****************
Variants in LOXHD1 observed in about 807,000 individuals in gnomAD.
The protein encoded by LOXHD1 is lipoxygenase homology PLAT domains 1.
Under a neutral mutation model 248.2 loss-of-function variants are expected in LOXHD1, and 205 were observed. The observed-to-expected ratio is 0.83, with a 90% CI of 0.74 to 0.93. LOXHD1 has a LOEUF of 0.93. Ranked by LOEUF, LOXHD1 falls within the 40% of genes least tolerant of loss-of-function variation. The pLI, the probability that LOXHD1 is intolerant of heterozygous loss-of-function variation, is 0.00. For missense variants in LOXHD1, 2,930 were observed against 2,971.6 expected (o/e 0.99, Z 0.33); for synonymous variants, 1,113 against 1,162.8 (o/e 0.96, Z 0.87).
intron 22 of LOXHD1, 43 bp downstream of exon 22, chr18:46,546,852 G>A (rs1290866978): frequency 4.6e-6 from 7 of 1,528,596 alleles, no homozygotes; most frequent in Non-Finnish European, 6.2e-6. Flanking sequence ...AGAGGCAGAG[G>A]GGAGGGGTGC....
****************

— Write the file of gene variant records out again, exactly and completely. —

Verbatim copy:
Variants in LOXHD1 observed in about 807,000 individuals in gnomAD.
The protein encoded by LOXHD1 is lipoxygenase homology PLAT domains 1.
Under a neutral mutation model 248.2 loss-of-function variants are expected in LOXHD1, and 205 were observed. The observed-to-expected ratio is 0.83, with a 90% CI of 0.74 to 0.93. LOXHD1 has a LOEUF of 0.93. Ranked by LOEUF, LOXHD1 falls within the 40% of genes least tolerant of loss-of-function variation. The pLI, the probability that LOXHD1 is intolerant of heterozygous loss-of-function variation, is 0.00. For missense variants in LOXHD1, 2,930 were observed against 2,971.6 expected (o/e 0.99, Z 0.33); for synonymous variants, 1,113 against 1,162.8 (o/e 0.96, Z 0.87).
intron 22 of LOXHD1, 43 bp downstream of exon 22, chr18:46,546,852 G>A (rs1290866978): frequency 4.6e-6 from 7 of 1,528,596 alleles, no homozygotes; most frequent in Non-Finnish European, 6.2e-6. Flanking sequence ...AGAGGCAGAG[G>A]GGAGGGGTGC....